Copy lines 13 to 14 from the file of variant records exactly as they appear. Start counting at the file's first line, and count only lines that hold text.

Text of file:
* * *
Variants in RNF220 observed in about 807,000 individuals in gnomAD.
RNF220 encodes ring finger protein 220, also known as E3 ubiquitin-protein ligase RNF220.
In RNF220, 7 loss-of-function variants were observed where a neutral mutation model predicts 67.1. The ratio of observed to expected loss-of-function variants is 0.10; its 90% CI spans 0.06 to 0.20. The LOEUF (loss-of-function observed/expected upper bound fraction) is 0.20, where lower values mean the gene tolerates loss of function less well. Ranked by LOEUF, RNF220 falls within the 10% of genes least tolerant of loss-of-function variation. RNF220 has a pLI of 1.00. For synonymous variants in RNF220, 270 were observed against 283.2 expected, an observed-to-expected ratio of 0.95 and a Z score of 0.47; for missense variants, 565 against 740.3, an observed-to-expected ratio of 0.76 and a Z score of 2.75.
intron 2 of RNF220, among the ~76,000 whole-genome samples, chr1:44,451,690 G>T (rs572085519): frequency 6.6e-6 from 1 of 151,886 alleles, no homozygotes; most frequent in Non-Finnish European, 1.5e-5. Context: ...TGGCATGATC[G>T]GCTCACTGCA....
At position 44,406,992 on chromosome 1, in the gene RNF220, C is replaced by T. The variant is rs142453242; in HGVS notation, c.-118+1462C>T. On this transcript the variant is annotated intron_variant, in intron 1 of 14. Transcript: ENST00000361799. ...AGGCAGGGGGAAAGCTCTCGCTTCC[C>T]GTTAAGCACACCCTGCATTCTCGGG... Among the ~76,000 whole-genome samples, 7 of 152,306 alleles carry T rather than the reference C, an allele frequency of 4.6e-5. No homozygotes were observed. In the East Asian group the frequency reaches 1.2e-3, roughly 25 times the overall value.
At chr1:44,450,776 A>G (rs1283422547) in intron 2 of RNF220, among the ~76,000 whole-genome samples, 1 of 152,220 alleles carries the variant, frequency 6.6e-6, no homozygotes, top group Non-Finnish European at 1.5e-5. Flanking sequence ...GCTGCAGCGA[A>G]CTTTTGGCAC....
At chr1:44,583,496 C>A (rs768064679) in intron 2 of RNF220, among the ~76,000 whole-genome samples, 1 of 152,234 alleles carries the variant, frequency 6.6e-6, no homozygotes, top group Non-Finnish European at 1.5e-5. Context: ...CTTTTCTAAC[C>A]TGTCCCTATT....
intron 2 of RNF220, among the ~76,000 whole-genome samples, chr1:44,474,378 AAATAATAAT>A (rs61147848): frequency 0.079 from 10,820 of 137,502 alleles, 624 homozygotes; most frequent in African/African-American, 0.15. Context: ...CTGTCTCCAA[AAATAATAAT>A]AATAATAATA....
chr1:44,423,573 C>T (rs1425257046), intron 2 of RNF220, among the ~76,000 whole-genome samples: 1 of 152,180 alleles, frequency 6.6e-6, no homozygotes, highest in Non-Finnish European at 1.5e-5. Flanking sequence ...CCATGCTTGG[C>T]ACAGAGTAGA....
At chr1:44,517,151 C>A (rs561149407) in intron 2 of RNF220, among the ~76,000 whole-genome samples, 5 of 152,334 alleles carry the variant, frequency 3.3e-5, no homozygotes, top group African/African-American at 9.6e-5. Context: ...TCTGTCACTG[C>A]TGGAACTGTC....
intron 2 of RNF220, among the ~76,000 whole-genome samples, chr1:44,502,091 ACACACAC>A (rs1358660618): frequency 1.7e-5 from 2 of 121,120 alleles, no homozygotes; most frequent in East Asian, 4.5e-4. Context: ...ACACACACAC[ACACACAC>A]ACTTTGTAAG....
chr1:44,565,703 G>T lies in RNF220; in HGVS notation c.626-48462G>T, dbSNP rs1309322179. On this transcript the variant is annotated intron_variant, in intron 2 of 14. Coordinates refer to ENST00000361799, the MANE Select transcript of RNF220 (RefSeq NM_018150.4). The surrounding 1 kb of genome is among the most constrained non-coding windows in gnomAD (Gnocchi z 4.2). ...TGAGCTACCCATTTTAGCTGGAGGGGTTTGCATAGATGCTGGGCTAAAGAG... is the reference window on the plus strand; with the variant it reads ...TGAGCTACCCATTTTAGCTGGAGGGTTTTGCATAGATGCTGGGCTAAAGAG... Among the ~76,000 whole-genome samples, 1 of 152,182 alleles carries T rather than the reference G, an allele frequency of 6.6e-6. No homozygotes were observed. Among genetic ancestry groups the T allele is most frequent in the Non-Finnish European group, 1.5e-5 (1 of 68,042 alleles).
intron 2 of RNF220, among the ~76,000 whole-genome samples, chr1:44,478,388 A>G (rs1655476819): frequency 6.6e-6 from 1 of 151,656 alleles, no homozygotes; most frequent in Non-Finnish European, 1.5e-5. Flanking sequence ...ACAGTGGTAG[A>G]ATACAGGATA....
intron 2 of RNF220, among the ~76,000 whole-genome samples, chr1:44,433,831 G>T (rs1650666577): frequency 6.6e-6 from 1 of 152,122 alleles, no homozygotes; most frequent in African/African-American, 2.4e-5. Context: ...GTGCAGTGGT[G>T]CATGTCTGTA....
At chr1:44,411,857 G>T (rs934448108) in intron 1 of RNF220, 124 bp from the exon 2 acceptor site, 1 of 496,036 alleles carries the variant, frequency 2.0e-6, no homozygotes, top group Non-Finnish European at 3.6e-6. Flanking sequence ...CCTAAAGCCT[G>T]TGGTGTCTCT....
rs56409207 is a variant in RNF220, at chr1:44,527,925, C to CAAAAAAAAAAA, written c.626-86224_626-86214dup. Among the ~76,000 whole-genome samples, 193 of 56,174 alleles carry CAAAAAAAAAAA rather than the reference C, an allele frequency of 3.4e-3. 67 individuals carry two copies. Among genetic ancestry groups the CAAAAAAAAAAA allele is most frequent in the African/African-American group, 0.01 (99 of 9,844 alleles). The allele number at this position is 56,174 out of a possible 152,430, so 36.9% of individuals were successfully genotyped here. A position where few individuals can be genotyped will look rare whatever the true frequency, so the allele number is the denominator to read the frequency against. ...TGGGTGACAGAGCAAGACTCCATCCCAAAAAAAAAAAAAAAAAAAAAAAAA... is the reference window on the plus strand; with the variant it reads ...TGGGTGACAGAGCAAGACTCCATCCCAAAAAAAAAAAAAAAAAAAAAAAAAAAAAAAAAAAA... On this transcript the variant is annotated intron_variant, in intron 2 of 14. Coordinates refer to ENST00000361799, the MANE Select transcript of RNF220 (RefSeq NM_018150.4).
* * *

intron 2 of RNF220, among the ~76,000 whole-genome samples, chr1:44,478,388 A>G (rs1655476819): frequency 6.6e-6 from 1 of 151,656 alleles, no homozygotes; most frequent in Non-Finnish European, 1.5e-5. Flanking sequence ...ACAGTGGTAG[A>G]ATACAGGATA....
intron 2 of RNF220, among the ~76,000 whole-genome samples, chr1:44,433,831 G>T (rs1650666577): frequency 6.6e-6 from 1 of 152,122 alleles, no homozygotes; most frequent in African/African-American, 2.4e-5. Context: ...GTGCAGTGGT[G>T]CATGTCTGTA....